|dc.description.abstract||Nearly all serious accidents, in the past twenty years, in which software has
been involved can be traced to requirements
flaws. Accidents related to
or involving safety-critical systems often lead to significant damage to life,
property, and environment in which the systems operate.
This thesis explores an extension to use case modelling that allows safety
concerns to be modelled early in the systems development process. This
motivation comes from interaction with systems and safety engineers who
routinely rely upon use case modelling during the early stages of defining
and analysing system behaviour.
The approach of embedded formal methods is adopted. That is, we use one
discipline of use case modelling to guide the development of a formal model.
This enables a greater precision and formal assurance when reasoning about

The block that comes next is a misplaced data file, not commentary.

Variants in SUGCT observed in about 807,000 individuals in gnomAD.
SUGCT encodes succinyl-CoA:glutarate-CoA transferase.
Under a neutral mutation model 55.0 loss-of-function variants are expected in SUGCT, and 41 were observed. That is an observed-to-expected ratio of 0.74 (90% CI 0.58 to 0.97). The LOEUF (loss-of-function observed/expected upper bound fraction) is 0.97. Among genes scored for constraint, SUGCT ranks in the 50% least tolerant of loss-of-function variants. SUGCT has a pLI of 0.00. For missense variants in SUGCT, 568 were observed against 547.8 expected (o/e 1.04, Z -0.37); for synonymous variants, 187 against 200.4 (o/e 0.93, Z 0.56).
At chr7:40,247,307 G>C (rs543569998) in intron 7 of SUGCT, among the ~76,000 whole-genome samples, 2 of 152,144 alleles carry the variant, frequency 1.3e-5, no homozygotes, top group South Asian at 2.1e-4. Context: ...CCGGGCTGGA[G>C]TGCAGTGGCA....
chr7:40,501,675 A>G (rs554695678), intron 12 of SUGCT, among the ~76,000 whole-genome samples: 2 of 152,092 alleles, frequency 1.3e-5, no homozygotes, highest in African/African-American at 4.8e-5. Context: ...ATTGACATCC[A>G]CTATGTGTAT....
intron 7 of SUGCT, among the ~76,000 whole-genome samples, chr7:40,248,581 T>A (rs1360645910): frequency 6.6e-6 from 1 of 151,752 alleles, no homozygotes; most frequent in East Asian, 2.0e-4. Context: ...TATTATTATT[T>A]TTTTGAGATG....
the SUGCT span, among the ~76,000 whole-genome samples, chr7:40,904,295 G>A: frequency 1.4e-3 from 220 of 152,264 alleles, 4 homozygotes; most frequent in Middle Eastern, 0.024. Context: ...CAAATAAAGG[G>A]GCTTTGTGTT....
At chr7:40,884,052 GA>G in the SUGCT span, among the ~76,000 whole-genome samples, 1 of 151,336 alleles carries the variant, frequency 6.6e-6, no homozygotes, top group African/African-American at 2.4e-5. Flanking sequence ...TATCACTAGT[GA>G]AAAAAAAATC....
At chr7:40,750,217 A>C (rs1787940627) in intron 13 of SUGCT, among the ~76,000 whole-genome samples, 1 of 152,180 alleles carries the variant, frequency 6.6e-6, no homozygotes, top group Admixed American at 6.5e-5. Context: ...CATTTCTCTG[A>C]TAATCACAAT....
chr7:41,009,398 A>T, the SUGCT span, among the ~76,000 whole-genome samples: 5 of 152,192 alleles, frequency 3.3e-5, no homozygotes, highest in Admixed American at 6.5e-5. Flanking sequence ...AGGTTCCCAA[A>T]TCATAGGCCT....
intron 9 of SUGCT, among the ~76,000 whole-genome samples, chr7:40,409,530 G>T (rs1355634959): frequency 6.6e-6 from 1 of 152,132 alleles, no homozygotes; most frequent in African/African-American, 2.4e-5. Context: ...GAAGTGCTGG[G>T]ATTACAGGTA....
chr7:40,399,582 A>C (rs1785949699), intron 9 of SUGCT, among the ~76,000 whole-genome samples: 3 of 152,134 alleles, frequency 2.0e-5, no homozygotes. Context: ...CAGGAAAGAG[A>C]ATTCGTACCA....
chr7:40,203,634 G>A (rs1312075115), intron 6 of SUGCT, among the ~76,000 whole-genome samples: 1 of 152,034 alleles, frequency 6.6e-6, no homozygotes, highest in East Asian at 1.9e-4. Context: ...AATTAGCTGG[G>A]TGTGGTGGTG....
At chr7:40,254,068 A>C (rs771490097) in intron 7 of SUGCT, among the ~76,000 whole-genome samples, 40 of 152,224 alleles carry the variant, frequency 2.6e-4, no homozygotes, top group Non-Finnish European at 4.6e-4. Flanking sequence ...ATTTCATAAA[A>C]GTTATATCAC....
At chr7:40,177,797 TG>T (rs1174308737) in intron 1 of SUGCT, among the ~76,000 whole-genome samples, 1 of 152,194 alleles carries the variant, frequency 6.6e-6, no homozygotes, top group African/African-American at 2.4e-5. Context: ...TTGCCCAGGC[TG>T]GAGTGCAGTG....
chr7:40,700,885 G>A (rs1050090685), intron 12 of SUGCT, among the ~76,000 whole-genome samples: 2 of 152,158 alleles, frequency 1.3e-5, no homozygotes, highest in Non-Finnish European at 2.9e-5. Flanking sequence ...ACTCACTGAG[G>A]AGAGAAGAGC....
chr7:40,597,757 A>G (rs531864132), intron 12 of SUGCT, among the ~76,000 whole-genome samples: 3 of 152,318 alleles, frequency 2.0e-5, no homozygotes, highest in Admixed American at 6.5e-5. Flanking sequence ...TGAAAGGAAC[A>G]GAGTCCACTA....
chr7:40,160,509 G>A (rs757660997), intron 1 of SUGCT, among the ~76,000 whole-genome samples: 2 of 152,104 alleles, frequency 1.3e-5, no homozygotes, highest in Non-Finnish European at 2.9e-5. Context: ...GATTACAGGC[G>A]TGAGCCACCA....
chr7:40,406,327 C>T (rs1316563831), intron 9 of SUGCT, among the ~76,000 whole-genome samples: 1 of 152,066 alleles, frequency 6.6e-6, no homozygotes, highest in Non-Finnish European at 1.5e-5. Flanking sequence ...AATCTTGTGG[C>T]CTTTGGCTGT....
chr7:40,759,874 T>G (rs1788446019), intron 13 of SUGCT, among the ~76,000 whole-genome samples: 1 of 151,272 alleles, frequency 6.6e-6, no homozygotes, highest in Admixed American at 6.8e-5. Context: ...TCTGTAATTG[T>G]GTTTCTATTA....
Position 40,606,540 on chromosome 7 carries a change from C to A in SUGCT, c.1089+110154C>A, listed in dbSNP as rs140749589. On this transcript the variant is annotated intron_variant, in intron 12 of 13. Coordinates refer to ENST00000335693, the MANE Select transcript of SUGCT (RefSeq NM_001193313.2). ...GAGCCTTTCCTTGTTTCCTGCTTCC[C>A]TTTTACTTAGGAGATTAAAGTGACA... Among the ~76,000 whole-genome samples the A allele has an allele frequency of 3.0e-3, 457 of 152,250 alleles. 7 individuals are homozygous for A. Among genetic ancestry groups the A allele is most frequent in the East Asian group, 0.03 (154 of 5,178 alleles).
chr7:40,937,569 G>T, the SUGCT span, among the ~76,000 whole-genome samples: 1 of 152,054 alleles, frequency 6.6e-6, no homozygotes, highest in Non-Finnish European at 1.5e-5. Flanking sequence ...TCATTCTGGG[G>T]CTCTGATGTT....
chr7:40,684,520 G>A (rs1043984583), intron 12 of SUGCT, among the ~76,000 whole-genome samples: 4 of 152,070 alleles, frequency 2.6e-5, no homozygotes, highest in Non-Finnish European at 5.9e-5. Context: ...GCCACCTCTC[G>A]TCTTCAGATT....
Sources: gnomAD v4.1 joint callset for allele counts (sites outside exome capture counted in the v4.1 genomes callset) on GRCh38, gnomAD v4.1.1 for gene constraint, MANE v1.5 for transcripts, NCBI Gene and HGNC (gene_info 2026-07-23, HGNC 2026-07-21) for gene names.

concerns identified by system and safety engineers as well as the subsequent
changes made at the level of use case modelling. The chosen formal method
is Event-B, which is re nement based and has consequently enabled the
approach to exploit a natural abstractions found within use case modelling.
This abstraction of the problem found within use cases help introduce their
behaviour into the Event-B model via step-wise re nement.
The central ideas underlying this thesis are implemented in, UC-B, a tool
support for modelling use cases on the Rodin platform (an eclipse-based
development environment for Event-B). UC-B allows the specification of
the use cases to be detailed with both informal and formal notation, and
supports the automatic generation of an Event-B model given a formally
specified use case. Several case studies of use cases with accident cases are
provided, with their formalisation in Event-B supported by UC-B tool. An
examination of the translation from use cases to Event-B model is discussed,
along with the subsequent verification provided by Event-B to the use case